Grace mercy and peace to you from God our Father and from our Lord and Savior Jesus Christ. Amen.
We continue our walk through the Lord’s Prayer this Lenten season and today we are shifting directions slightly as the Lord’s Prayer shifts slightly at this point. Thus far we have talked about God’s name being kept holy, God’s kingdom coming specifically his reign of Grace, and the will of God. Today we shift our focus slightly on to things that are more focused the temporal needs as we pray “give us this day our daily bread.” This is the one petition in the Lord’s Prayer that is dealing with primarily a physical need. The petition is quick and straight to the point yet covers a multitude of things. The prayer is not simply for food but rather it is a pray that God would provide all the things that are needed for our physical life TODAY. I want to stress two things one is that the prayer is that God would provide for our needs that we have today not tomorrow, and it is a prayer for what we need.
In our reading from Matthew today “Therefore I tell you, do not be anxious about your life, what you will eat or what you will drink, nor about your body, what you will put on. Is not life more than food, and the body more than clothing? The reading concludes “Therefore do not be anxious about tomorrow, for tomorrow will be anxious for itself. Sufficient for the day is its own trouble. This petition that is prayed in the Lord’s Prayer is not asking for anything more than today’s provisions. It is not a prayer that is asking God to give so much today that one will never have worry about what they will eat or where they will live ever again. The prayer is that God would provide for today. That is not typically how we think in this country which is perhaps the wealthiest country in the history of the world and more specifically it is not generally how most of us think in the culture that we in this congregation find ourselves a part of. Most people here not all but most people here don’t worry about what they are going to eat today. There may have been a time that some had that fear but I would imagine that not many of us are worried about what we will eat today, and by the way if you are please talk to me and we will make sure you have food to eat. Most of us don’t probably pray this pray out of need but more out of thanks as we understand that it is God who has provided all that we have today.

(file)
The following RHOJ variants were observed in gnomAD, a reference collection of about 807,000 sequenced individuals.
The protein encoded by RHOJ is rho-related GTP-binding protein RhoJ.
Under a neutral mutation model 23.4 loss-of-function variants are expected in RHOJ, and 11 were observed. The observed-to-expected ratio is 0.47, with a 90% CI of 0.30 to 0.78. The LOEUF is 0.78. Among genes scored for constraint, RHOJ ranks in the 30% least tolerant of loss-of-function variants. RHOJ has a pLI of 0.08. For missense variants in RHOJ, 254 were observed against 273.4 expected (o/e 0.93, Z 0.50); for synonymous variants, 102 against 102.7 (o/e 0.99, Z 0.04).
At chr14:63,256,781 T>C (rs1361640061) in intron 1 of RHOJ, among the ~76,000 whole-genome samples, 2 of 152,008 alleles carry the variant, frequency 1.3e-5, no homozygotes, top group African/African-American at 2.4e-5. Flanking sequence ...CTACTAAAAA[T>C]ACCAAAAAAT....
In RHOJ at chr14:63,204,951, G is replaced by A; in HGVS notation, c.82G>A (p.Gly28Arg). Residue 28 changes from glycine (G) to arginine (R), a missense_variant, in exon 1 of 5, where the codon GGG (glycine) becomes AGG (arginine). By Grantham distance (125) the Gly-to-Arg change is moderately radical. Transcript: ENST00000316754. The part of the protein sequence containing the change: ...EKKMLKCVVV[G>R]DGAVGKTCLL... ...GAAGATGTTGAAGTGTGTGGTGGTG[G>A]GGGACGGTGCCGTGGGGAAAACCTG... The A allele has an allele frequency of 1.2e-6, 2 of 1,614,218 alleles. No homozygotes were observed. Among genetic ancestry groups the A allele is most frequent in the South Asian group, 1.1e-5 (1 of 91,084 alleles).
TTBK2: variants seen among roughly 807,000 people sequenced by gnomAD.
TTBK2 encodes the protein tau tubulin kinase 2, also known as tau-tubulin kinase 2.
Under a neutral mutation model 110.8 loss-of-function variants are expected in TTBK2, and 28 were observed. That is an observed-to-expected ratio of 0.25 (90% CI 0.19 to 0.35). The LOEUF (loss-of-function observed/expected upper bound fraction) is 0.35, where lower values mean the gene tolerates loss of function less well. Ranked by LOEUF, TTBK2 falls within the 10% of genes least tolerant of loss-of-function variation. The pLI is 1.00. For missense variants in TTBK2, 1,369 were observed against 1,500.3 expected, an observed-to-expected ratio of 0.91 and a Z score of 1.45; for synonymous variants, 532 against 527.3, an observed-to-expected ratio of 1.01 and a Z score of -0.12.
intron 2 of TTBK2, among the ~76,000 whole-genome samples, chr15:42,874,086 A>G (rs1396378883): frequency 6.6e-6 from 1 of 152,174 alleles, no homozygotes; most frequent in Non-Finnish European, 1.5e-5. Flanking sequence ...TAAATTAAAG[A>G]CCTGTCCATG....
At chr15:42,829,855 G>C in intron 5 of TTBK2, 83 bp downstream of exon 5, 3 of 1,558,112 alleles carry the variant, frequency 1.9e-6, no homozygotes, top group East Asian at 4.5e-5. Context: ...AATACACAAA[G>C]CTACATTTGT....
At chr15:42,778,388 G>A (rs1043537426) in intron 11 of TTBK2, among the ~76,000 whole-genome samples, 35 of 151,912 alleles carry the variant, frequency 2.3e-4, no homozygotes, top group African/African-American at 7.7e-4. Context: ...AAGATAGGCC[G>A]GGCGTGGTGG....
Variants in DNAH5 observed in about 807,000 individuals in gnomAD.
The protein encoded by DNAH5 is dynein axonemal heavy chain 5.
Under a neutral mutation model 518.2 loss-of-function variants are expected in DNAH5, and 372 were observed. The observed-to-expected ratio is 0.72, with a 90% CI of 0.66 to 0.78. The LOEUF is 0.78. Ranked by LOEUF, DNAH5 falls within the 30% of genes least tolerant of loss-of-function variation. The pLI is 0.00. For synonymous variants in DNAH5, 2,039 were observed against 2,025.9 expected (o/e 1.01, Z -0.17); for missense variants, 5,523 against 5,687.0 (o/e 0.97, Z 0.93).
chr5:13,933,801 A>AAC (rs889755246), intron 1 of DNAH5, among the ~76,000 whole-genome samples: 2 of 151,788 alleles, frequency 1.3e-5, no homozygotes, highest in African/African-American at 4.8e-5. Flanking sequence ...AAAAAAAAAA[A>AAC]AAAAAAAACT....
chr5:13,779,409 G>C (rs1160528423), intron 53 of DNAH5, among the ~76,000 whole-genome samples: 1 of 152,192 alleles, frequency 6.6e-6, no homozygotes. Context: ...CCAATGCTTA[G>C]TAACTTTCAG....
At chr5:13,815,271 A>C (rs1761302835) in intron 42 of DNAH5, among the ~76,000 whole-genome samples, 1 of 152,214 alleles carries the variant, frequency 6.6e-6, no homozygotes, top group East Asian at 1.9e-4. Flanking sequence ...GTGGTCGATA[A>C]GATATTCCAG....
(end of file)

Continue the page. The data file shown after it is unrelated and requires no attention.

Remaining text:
The lack of what one might define as urgent need blinds us to what is being asked for in the Lord’s Prayer as well as what is being addressed in our Matthew reading for today. I talked about how there is not great worry or anxiety about what many of us will eat today, but that does not mean there is not great anxiety about things that we would incorrectly think fall under the category of “daily bread.” Often times we have a misunderstanding of what we need verses what we simply want. Many of us have been blessed with a home that is much bigger than we actually need. Many of us have been blessed with a job that provides us with more money than we would actually need which allows many different luxuries to be a part of our lives. I am not going to stand up here and preach the ascetic lifestyle, but I will warn that one begins to enter dangerous territory when they can no longer distinguish between needs and luxuries. I warn because Jesus warns us often about the dangers of money and great amounts of wealth. The problem is not the money, but rather our sinfulness that cannot handle what money provides, a worldly security.